■ SERVING BREAKFAST, LUNCH & DINNER: Wed. - Sat. 8am - until and Sunday brunch from 9am-3pm, ■ NEIGHBORHOOD: Downtown ■ FEATURING: Wilmington’s Best Panini, according to encore readers ■ WEBSITE:


Wilmington’s finest French cuisine can be found at Caprice Bistro, a small informal neighborhood restaurant, serving hearty food in generous portions at affordable prices. Simple is the atmosphere in the bistro, as plain white plates and tables dressed in white paper make up the decor. However, the food is far from simple, as a combination of fresh ingredients and innovative preparation delight the taste buds with a plethora of unique appetizers, entrées and desserts. The service is fast, efficient and non-intrusive, and the ambience is friendly and unpretentious. After dinner, be sure to venture upstairs into their cozy and relaxing sofa bar for an after-dinner martini, or enjoy your meal there, as a light-fare and full menus are served. Art is always on display in the sofa bar, so be sure to inquire frequently about their artist show receptions. Voted “Best French Restaurant” three years in a row! 10 Market Street, downtown Wilmington, (910) 815-0810.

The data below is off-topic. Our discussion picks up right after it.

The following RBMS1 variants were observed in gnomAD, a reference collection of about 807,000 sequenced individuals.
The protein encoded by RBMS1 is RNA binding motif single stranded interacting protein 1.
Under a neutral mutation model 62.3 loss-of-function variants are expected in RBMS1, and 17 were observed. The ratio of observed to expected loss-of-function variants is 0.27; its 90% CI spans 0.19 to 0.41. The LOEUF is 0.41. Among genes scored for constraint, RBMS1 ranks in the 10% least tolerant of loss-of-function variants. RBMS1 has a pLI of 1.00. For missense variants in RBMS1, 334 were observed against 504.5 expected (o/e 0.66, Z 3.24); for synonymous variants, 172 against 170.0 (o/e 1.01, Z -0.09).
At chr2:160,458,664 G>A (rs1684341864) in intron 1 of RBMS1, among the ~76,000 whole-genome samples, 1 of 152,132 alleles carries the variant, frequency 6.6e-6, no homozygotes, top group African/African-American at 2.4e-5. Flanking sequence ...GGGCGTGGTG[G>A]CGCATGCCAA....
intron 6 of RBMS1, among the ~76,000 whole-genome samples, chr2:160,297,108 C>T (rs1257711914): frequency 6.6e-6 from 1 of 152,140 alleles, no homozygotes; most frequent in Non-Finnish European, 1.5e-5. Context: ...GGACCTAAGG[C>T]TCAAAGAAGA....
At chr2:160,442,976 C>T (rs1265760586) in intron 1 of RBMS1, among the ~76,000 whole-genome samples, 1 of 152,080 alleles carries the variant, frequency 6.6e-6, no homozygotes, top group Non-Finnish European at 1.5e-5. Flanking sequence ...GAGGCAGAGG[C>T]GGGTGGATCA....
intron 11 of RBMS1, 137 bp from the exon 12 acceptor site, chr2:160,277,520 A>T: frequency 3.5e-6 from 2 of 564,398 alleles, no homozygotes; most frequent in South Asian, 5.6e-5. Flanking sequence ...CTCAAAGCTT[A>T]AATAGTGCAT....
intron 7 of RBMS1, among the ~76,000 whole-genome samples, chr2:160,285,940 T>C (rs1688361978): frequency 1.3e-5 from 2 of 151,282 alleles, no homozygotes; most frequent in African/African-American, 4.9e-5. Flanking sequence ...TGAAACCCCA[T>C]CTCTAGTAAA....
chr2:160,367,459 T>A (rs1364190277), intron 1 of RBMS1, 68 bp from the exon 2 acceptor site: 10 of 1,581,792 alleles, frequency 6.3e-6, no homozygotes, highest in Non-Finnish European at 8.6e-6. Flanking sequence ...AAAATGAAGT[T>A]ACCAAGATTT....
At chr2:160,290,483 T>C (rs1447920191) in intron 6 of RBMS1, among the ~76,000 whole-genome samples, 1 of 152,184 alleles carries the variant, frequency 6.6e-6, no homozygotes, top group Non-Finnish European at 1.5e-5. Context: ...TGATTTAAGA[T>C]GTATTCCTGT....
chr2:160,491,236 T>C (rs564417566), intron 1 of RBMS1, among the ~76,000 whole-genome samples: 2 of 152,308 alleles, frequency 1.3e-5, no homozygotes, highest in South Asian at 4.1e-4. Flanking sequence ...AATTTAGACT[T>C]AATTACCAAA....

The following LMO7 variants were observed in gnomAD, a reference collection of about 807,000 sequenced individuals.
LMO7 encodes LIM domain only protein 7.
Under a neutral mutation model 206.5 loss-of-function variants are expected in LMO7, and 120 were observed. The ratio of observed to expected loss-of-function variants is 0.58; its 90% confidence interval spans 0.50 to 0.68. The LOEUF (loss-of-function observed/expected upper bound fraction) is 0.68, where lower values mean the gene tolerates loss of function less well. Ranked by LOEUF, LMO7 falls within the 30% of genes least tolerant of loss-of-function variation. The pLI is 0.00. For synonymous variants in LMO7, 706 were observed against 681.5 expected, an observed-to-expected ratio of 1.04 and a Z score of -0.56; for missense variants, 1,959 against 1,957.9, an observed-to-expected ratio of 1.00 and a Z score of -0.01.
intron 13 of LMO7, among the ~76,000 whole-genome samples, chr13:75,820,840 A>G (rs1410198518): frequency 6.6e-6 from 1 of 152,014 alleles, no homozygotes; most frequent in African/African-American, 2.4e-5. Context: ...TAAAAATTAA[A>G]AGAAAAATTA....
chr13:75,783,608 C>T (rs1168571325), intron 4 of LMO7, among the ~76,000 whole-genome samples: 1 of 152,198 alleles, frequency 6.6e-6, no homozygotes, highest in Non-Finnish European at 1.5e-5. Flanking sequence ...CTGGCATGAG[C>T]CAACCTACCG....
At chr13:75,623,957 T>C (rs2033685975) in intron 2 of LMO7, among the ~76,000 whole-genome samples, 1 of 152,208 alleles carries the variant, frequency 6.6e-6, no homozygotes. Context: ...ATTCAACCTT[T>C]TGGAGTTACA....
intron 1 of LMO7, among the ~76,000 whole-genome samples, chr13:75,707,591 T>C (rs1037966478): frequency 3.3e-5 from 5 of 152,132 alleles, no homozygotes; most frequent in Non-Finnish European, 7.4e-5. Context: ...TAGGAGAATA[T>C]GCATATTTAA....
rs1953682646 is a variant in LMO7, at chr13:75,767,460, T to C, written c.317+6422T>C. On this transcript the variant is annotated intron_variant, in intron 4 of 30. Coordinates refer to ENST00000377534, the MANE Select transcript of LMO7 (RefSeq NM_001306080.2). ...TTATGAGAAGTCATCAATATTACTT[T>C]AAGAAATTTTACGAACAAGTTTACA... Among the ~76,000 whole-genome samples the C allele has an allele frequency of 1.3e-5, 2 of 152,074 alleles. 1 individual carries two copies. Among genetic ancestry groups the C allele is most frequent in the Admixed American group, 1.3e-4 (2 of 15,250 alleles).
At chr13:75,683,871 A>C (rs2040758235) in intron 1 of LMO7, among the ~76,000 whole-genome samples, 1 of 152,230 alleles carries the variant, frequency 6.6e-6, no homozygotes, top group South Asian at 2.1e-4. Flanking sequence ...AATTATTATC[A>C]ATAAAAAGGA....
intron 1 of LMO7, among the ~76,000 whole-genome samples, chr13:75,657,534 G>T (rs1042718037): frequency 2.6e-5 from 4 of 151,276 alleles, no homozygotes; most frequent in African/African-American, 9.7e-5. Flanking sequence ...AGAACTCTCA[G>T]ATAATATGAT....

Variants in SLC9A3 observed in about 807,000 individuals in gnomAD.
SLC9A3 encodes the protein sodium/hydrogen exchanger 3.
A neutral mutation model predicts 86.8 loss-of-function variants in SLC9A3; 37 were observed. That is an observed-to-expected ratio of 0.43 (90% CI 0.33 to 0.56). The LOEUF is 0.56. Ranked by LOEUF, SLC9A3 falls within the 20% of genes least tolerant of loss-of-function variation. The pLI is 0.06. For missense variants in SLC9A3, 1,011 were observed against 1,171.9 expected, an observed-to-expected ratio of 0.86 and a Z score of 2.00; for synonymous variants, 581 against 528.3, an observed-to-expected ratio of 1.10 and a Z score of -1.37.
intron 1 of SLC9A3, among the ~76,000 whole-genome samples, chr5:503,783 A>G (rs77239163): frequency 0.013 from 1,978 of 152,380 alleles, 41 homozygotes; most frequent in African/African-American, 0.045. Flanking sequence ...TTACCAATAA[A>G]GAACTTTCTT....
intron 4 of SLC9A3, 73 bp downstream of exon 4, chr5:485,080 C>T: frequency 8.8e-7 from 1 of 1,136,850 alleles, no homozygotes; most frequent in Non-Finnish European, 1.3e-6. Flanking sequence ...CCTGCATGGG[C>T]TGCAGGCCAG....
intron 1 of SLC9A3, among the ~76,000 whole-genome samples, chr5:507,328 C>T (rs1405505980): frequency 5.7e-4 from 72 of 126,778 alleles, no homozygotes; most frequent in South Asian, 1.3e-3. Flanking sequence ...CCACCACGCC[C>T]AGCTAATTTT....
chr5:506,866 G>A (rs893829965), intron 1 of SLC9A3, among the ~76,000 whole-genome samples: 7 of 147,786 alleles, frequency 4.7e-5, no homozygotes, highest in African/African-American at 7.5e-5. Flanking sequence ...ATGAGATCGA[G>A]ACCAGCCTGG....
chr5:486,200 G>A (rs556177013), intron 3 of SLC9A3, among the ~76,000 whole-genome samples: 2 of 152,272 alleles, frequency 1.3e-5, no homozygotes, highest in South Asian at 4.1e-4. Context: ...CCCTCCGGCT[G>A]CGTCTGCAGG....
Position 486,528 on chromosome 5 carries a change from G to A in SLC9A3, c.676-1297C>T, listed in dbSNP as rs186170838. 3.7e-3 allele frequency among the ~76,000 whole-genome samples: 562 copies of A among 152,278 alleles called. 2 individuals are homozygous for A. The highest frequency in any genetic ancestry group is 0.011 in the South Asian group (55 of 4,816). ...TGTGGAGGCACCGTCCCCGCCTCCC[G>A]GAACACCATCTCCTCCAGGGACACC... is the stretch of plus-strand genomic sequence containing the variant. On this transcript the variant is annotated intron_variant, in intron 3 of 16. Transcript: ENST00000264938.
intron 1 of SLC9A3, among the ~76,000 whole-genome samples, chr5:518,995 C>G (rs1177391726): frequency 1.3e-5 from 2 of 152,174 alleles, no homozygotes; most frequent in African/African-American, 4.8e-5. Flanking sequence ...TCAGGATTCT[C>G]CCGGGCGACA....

■ SERVING DINNER: Sun.- Thurs. 5:00 – 10pm.; Fri. and Sat., 5pm – Midnight. ■ NEIGHBORHOOD: Downtown ■ FEATURING: Upstairs sofa bar serving cocktails and lighter fare. ■ WEBSITE: OUR CRÊPES & MORE

Try something different to eat! Our Crêpes & More, a family owned and operated French Crêperie, is serving authentic, homemade French cuisine to dine in or to go. Everything on their menu is under $10, and is a healthy alternative, while eating a savory meal or sweet treat. Whether it’s for breakfast, lunch, or an afternoon treat, everything on the menu is available. On the Savory side, the Uzès, Quebec, Tahiti or Provencale are among the most popular. Their homemade Ratatouille, South France type sub like the Pain Bagnat or Croque-Monsieur are worth the detour too! On the sweet side, The Versailles, St- Tropez or Crazy Nutella (with homemade Nutella ice cream) will make you come back for more! They also serve Fresh Salads or Soups depending on the seasons, amazing all natural Homemade Sorbet & Ice Cream,

Croissant & Chocolate Croissant. Open all day with free WiFi and live French radio, Our Crepes & More is a pleasant yet casual place to unwind. Our Crepes & More can accommodate large parties! STARTING JUNE 5th OPEN SUNDAYS FOR BRUNCH!

■ SERVING BREAKFAST, LUNCH & DINNER: Monday, 9am to 5pm, Tuesday through Saturday 9am-8pm. Sunday brunch ■ NEIGHBORHOOD: Midtown ■ FEATURING: Vegetarian and glutenfree options. Free Wi-Fi..



is a family-friendly, casual Italian American restaurant that’s been a favorite of Wilmington locals for over 16 years. Its diverse menu includes Italian favorites such as Mama Romanelli’s Lasagna, Baked Ziti, Rigatoni a la Vodka and, of course, made-from-scratch pizzas. Its American influences include tasty burgers, the U.S.A. Salad and a 16oz. Marinated Rib Eye Steak. Romanelli’s offers patio dining and flat screen TVs in its bar area. Dine in or take out, Romanelli’s is always a crowd favorite. Large parties welcome. 503 Olde Waterford Way, Leland. (910) 383.1885.